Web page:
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    Algeria and the Wilsonian Moment

    The Big Four at Versailles, 1919

    The Fourteen Points

    In the closing stages of World War I, the American president, Woodrow Wilson, unveiled a sweeping vision for a new international order based on “liberal internationalist” principles. In his famous “Fourteen Points” speech to the US Congress in January 1918, Wilson called for the creation of an international organisation, a “league of nations,” that would maintain the peace by regulating disputes between countries, great or small. He stressed the principle of “national self-determination,” arguing that every people had the right to choose their own government, citing specifically his desire to see an independent Poland and independent Turkey emerge from the debris of the Russian and Ottoman Empires, respectively. 

    Wilson deliberately disseminated his ideas through the international press and by means of increasingly powerful radio technology, in order to raise widespread support for his agenda before he arrived at the momentous peace conference convened at the Palace of Versailles, in January 1919. The leaders of Britain, France, Italy, and the United States would decide the fate of their defeated foes— as well as huge swaths of the globe and its inhabitants. 

    Wilson was thinking principally of east-central Europe, not “the Orient”, in his advocacy of self-determination and equality between nations. Unintentionally however, his ideas also energised politics in many parts of the colonial world, where activists in places as far apart and diverse as Syria, Korea, Ireland, China, and India championed the Fourteen Points. Rather awkwardly from a diplomatic perspective, crowds of “colonials” shouted the American president’s name in mass protests against their British and French overlords.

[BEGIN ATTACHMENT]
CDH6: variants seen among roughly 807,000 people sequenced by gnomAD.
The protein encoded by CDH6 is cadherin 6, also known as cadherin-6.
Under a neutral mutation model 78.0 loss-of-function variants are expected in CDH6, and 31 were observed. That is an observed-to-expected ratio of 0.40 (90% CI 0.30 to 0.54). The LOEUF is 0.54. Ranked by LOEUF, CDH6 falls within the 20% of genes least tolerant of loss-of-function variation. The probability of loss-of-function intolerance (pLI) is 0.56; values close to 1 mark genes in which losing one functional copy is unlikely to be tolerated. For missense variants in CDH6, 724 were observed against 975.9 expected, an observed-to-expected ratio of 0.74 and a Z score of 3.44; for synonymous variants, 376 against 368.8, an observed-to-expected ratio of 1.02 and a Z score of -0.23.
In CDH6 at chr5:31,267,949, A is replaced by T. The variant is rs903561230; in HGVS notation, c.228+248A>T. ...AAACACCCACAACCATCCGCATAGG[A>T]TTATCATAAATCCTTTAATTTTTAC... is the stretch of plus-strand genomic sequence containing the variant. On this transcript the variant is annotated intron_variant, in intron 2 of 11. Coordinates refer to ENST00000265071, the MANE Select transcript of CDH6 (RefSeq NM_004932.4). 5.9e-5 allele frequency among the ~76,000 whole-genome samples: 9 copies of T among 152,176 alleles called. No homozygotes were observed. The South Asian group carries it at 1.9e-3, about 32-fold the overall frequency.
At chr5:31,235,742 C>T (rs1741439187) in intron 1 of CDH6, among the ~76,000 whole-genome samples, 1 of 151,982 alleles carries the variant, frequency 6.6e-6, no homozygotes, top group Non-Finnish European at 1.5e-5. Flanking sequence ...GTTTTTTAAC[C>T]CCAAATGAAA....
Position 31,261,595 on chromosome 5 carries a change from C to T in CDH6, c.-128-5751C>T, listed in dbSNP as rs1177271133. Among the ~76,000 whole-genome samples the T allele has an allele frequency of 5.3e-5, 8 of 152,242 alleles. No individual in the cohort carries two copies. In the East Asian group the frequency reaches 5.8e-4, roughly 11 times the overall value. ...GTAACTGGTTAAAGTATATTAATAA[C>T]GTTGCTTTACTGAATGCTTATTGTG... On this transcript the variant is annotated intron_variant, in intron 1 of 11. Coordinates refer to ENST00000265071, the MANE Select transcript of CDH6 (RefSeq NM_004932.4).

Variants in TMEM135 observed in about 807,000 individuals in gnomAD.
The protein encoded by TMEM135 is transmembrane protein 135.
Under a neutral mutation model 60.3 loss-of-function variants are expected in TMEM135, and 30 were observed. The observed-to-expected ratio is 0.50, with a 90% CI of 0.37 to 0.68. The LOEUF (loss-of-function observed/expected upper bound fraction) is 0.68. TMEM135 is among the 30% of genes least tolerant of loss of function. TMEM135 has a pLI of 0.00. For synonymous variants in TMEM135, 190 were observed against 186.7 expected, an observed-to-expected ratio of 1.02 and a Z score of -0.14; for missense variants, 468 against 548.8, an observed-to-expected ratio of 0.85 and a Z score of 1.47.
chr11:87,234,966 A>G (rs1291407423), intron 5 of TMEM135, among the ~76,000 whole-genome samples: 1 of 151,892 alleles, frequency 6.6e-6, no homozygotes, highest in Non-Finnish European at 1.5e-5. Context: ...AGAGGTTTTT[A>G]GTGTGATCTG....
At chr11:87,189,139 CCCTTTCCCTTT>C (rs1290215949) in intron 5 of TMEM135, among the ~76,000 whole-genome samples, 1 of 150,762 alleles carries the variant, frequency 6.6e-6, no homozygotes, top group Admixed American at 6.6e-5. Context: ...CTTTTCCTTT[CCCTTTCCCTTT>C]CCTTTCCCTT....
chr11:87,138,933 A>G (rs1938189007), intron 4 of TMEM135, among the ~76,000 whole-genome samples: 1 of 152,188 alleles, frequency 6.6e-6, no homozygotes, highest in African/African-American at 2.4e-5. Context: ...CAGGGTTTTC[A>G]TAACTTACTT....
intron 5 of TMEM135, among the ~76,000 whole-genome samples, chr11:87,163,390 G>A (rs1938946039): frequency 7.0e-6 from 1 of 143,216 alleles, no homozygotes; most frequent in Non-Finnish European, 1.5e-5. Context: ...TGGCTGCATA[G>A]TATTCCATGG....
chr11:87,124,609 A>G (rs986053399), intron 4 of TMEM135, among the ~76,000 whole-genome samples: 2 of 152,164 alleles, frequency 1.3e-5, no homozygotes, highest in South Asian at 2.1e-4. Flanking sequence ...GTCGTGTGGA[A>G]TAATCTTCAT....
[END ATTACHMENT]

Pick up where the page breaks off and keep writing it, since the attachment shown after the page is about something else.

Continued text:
In Egypt

    One of the largest such commotions occurred in Egypt, where massive unrest broke out across the country in early 1919 in response to Britain’s tightening control. The initial spark for the uprising came when the British rejected the demand of an otherwise moderate establishment politician, Saa’d Zaghlul, to send a wafd delegation to Versailles to make the case for Egyptian independence. When repression alone failed to quell the unrest, the colonial authorities did finally try to placate the protesters by allowing the wafd to proceed to the conference in April—but only after ensuring that neither Wilson nor anyone else of consequence would receive them. 

    The American president’s rebuff would live in infamy in Cairo. “Here was the man of the Fourteen Points ... denying the Egyptian people its right to self- determination and recognising the British protectorate over Egypt,” wrote the famous journalist Mohammed Haykal. “Is this not the ugliest of treacheries?! Is it not the most profound repudiation of principles?!” 

    Zaghlul’s Wafd Party, named after the failed mission to Versailles, would play a central role in Egyptian politics until the 1950s. Wilson made less of an ideological impression than a geopolitical one; he did not suggest new possibilities of what independence might be. Rather, he opened up new practical avenues of achieving it by positioning the Anglo-Egyptian power relationship in a wider international context.